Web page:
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Week Six at The Legislature

Starting today there are three weeks left in the 2020 legislative session. After last week, this session can’t end soon enough for me.

Last Tuesday was the last day for bills to be introduced in the House of Delegates. Today is the last day for new bills to be introduced in the Senate. We’re 10 days out from Crossover Day, when bills need to pass the body from where they originated. As I stated at the beginning of session, I predicted things would be quiet, and they mostly have on the legislative front. But putting a bunch of people in several box-shaped rooms for 60 days is enough to make any sane person start howling at the moon. Last week, it all hit the fan.

Last Monday, the House Banking and Insurance Committee had a bill before it that would have limited spouses of state employees on the Public Employees Insurance Agency from being able to be on their spouse’s state health insurance. I won’t go into the particulars of the bill, but it failed in an 11-11 tie in committee. Delegate Eric Porterfield, R-Mercer, was not present for the vote.

There are many accounts of what happened after, including a story by me. The most detailed account was in the Bluefield Daily Telegraph. Allegedly, Porterfield was walking by a group of delegates in the parking lot, including the lead sponsor of the bill, Delegate Brandon Steele, R-Raleigh. According to the paper, Steele called Porterfield a coward, Porterfield told him to say it to his face and the two proceeded to argue.

No violence appears to have been involved. It was heated argument between two Republican lawmakers. Unprofessional? Certainly, but I can tell you this happens a lot behind the scenes, particularly over legislation. But most of the time the two arguing parties go back to their lodgings, go to sleep and they start the next day fresh.

Porterfield didn’t. The next day, Tuesday, he accused Steele of being drunk, alerted House leadership and the Capitol Police and said if Steele wasn’t punished, he was going to create some long days in the House. On Wednesday he did just that, requiring every bill, but one, on third reading to be read aloud in their entirety. As you can imagine, many of those bills are pages long and deal with multiple lines of state code. As a result, House members were on the floor that day for four hours.

On Thursday, Porterfield took a day of rest and didn’t pull the same stunt, though the House went for four hours anyway. I don’t know if Porterfield’s playground tantrum was rubbing off on other members of the House, but there were several times delegates were just downright petty toward each other.

Even the press got a little grief in a floor speech for focusing on the week’s drama instead of legislation, such as the passage of the foster care bill of rights. A bill that was so important to House leadership that it sat in the House Finance Committee for 22 days (after being quickly adopted by two previous House committees), was placed on the Finance Committee’s agenda Wednesday with 90 minutes notice and reported to the floor in five minutes.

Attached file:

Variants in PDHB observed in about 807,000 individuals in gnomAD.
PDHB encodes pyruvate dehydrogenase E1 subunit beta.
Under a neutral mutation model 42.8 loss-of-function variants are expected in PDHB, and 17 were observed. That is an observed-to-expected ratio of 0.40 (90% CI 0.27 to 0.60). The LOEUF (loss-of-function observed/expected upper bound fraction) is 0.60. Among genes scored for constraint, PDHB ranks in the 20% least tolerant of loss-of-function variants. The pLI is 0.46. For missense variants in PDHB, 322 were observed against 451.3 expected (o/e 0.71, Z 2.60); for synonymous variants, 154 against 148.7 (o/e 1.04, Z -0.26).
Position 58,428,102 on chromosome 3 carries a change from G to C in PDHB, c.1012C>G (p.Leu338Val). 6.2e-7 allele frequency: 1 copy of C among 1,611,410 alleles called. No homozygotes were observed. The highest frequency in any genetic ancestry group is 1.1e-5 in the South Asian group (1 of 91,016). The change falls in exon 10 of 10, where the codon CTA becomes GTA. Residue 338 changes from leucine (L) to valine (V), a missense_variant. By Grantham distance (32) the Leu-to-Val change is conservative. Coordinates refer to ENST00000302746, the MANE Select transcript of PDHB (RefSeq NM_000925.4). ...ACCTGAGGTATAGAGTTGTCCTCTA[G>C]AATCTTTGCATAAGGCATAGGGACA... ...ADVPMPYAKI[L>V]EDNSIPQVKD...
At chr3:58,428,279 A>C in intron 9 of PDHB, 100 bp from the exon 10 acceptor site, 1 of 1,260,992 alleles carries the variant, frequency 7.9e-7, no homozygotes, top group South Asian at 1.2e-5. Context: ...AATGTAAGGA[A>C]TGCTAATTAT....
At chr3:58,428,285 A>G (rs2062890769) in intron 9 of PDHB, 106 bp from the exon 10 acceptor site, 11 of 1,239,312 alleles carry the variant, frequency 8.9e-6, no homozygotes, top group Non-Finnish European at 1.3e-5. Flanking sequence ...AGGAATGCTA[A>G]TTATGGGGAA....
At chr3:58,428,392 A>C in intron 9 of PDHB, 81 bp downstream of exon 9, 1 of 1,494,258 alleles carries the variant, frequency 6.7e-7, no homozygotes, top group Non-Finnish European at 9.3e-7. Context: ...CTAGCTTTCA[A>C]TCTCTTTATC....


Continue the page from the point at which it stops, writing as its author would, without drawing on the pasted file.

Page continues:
That same floor speech pivoted away from blaming the media to placing the blame on the two incidents that caused the media to be distracted from covering the good works of the Legislature: the Porterfield tantrum and Greenbrier East High School girls basketball coach (and governor of West Virginia) Jim Justice calling the visiting Woodrow Wilson High School girls basketball team and coaches “thugs” after a physical game that results in Woodrow coming off the bench and an assistant coach charged with allegedly manhandling a police officer.

Much like Porterfield (a pastor, if you can believe that) should not have let the sun go down on his wrath and should have forgiven Steele the next day, Justice should have taken several breaths and remembered who he was before calling high school students any type of name. Had he waited and thought about his words, this would have all worked out. Five Woodrow players have been suspended for their actions. The assistant coach has been charged for his behavior.

Instead, we have Porterfield sucking out all the oxygen from the room and Justice making national headlines for using a term that now has a racial component to it. None of this is the media’s fault. I would have never written about the Porterfield-Steele drama until it disrupted the House floor sessions. I probably would never have written about Justice’s use of “thug” until he put out a statement on it and lawmakers started addressing it.

I can only blame Justice for his remarks and not thinking clearly. I can only hold House Speaker Roger Hanshaw, R-Clay, responsible for the infighting in the Republican caucus. I just can’t imagine former speaker Tim Armstead allowing this behind-the-scenes fighting to spill into a House floor session. I can’t imagine he would allow the various displays of disrespect I saw this week to go unaddressed.

If you want to reverse the trend of people leaving the state or make West Virginia more enticing to businesses or Virginia counties, repealing a tax or creating a new court or starting a state-sponsored investment fund won’t do it.

Presenting a better image of our state to the public, acting like adults (particularly regarding children), being less hateful, being more loving and forgiving those with whom we disagree. You know, that might help for a start.

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